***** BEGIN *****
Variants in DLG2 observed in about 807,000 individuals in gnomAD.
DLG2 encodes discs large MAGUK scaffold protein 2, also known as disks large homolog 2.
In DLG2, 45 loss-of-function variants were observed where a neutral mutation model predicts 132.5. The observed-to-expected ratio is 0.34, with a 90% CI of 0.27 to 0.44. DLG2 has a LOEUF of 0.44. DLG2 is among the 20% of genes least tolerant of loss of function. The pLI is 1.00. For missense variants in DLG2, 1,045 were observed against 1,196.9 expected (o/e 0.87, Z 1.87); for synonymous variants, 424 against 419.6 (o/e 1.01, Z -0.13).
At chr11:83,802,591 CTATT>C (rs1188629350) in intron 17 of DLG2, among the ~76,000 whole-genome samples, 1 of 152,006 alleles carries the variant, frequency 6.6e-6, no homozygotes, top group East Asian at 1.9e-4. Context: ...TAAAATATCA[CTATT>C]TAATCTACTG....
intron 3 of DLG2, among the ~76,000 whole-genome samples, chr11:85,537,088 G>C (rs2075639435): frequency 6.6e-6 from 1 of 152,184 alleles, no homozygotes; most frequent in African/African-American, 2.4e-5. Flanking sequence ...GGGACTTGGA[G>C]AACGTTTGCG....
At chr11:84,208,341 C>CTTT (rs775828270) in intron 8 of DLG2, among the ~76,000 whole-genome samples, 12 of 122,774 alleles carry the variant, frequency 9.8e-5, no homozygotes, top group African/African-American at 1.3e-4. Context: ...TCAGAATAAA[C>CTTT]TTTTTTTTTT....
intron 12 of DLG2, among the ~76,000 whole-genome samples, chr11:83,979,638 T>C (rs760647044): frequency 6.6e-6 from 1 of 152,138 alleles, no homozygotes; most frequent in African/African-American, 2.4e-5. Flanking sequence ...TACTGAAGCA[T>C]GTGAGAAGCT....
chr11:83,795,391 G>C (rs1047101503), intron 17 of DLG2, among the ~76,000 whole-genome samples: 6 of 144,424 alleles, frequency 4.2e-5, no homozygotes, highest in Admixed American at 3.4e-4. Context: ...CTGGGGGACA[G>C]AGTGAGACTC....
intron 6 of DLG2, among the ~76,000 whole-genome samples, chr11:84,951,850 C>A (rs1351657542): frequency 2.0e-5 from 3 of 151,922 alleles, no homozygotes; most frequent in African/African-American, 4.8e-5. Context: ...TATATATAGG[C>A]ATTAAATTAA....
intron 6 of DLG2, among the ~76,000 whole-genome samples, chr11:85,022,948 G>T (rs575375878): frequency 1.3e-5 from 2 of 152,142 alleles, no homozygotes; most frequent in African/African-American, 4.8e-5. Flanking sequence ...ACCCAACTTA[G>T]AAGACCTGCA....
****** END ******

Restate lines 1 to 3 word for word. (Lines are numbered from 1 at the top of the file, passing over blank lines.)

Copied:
Variants in DLG2 observed in about 807,000 individuals in gnomAD.
DLG2 encodes discs large MAGUK scaffold protein 2, also known as disks large homolog 2.
In DLG2, 45 loss-of-function variants were observed where a neutral mutation model predicts 132.5. The observed-to-expected ratio is 0.34, with a 90% CI of 0.27 to 0.44. DLG2 has a LOEUF of 0.44. DLG2 is among the 20% of genes least tolerant of loss of function. The pLI is 1.00. For missense variants in DLG2, 1,045 were observed against 1,196.9 expected (o/e 0.87, Z 1.87); for synonymous variants, 424 against 419.6 (o/e 1.01, Z -0.13).